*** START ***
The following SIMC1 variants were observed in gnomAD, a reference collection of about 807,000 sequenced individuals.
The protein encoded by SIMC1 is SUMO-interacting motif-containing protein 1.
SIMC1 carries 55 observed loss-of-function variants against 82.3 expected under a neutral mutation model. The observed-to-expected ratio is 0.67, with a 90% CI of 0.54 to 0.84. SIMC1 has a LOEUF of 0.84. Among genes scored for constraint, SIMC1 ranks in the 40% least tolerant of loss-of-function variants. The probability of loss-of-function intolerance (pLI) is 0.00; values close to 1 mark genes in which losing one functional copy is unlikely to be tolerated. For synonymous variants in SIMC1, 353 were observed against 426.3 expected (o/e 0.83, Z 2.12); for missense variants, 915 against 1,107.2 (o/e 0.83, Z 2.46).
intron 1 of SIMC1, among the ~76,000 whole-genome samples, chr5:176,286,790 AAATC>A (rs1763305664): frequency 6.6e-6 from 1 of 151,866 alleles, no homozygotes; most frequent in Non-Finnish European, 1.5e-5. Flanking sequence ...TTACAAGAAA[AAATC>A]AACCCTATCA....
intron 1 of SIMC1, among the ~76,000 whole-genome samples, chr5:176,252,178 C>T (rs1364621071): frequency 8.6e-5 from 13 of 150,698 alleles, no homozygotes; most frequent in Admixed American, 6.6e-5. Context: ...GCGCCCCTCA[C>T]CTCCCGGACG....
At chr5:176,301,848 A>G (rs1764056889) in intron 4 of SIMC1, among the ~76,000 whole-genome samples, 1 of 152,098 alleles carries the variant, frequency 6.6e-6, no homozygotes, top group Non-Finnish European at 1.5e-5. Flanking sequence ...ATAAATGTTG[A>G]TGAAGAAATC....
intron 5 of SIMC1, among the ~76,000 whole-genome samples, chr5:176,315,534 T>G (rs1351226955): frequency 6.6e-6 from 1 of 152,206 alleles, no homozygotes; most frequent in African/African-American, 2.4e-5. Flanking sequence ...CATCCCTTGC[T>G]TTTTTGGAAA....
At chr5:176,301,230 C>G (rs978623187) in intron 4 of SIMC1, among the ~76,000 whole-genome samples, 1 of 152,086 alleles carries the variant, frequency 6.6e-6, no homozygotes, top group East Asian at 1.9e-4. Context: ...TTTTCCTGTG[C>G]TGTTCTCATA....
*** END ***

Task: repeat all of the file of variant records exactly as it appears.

The following SIMC1 variants were observed in gnomAD, a reference collection of about 807,000 sequenced individuals.
The protein encoded by SIMC1 is SUMO-interacting motif-containing protein 1.
SIMC1 carries 55 observed loss-of-function variants against 82.3 expected under a neutral mutation model. The observed-to-expected ratio is 0.67, with a 90% CI of 0.54 to 0.84. SIMC1 has a LOEUF of 0.84. Among genes scored for constraint, SIMC1 ranks in the 40% least tolerant of loss-of-function variants. The probability of loss-of-function intolerance (pLI) is 0.00; values close to 1 mark genes in which losing one functional copy is unlikely to be tolerated. For synonymous variants in SIMC1, 353 were observed against 426.3 expected (o/e 0.83, Z 2.12); for missense variants, 915 against 1,107.2 (o/e 0.83, Z 2.46).
intron 1 of SIMC1, among the ~76,000 whole-genome samples, chr5:176,286,790 AAATC>A (rs1763305664): frequency 6.6e-6 from 1 of 151,866 alleles, no homozygotes; most frequent in Non-Finnish European, 1.5e-5. Flanking sequence ...TTACAAGAAA[AAATC>A]AACCCTATCA....
intron 1 of SIMC1, among the ~76,000 whole-genome samples, chr5:176,252,178 C>T (rs1364621071): frequency 8.6e-5 from 13 of 150,698 alleles, no homozygotes; most frequent in Admixed American, 6.6e-5. Context: ...GCGCCCCTCA[C>T]CTCCCGGACG....
At chr5:176,301,848 A>G (rs1764056889) in intron 4 of SIMC1, among the ~76,000 whole-genome samples, 1 of 152,098 alleles carries the variant, frequency 6.6e-6, no homozygotes, top group Non-Finnish European at 1.5e-5. Flanking sequence ...ATAAATGTTG[A>G]TGAAGAAATC....
intron 5 of SIMC1, among the ~76,000 whole-genome samples, chr5:176,315,534 T>G (rs1351226955): frequency 6.6e-6 from 1 of 152,206 alleles, no homozygotes; most frequent in African/African-American, 2.4e-5. Flanking sequence ...CATCCCTTGC[T>G]TTTTTGGAAA....
At chr5:176,301,230 C>G (rs978623187) in intron 4 of SIMC1, among the ~76,000 whole-genome samples, 1 of 152,086 alleles carries the variant, frequency 6.6e-6, no homozygotes, top group East Asian at 1.9e-4. Context: ...TTTTCCTGTG[C>G]TGTTCTCATA....